Latest closings and delays

House Call: Gearing up for the New Year — Healthy Diet Resolutions

This is an archived article and the information in the article may be outdated. Please look at the time stamp on the story to see when it was last updated.

With weight loss being one of the most common New Year’s Resolutions, many people resolve to start eating healthier as a method of losing that weight.

It is important to reflect on what you really want to do and commit to an achievable goal to accomplish over the course of the year.  Weight loss and diet changes take time, approaching the resolution with the acceptance of this gradual process can help you avoid discouragement and sustain a new, healthy lifestyle.

The best way to successfully approach healthy eating resolutions is to plan and organize.  Keep a food journal for several days, documenting everything you normally consume.  Then ask yourself, “What am I doing now, and what can I change or cut out of my diet?”

An easy guide to beginning a healthier diet is to be mindful of food choices and portion sizes.  Meals should consist of larger portions of non-starchy vegetables, a small portion of starchy vegetables, and three to four ounces of lean meat.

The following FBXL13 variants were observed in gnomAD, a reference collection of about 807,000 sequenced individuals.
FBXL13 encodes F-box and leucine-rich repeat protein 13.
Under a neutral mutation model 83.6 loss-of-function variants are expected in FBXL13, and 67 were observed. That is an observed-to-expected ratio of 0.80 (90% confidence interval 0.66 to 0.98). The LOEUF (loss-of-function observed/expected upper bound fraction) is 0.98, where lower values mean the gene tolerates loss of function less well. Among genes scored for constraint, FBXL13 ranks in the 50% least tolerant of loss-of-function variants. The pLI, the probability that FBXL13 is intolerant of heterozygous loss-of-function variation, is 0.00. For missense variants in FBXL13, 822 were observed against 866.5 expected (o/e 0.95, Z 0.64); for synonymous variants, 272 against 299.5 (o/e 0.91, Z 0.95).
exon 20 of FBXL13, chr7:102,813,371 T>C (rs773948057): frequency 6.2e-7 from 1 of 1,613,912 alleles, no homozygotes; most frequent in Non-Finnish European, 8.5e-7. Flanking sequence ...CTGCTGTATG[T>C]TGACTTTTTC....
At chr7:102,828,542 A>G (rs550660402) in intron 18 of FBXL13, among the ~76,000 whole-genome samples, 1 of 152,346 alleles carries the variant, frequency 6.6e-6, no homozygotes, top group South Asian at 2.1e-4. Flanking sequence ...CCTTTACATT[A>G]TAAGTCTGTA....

Even for those individuals not focused on losing weight in the New Year, healthy eating resolutions should still be set.  By eating healthy, individuals can help improve their entire well-being.

Set goals to decrease the amount of sodium or sugar in your diet.  Substitutes such as fruit, or garlic or peppers can be used to sweeten or spice recipes instead of unhealthy amounts of sugar and sodium.

The team of registered dieticians at Cone Health Nutrition and Diabetes Management Center are dedicated to educating individuals on nutritious, balanced diets and how to maintain a healthy lifestyle.

Spokesperson Background:

Margaret “Maggie” May is a registered dietician at Cone Health Nutrition and Diabetes Management Center, as well as a registered nurse and Certified Diabetes Educator.  She earned a Master of Science Degree in Nursing in 1982 and a Master of Science Degree in Nutrition in 1998, both from the University of North Carolina Greensboro.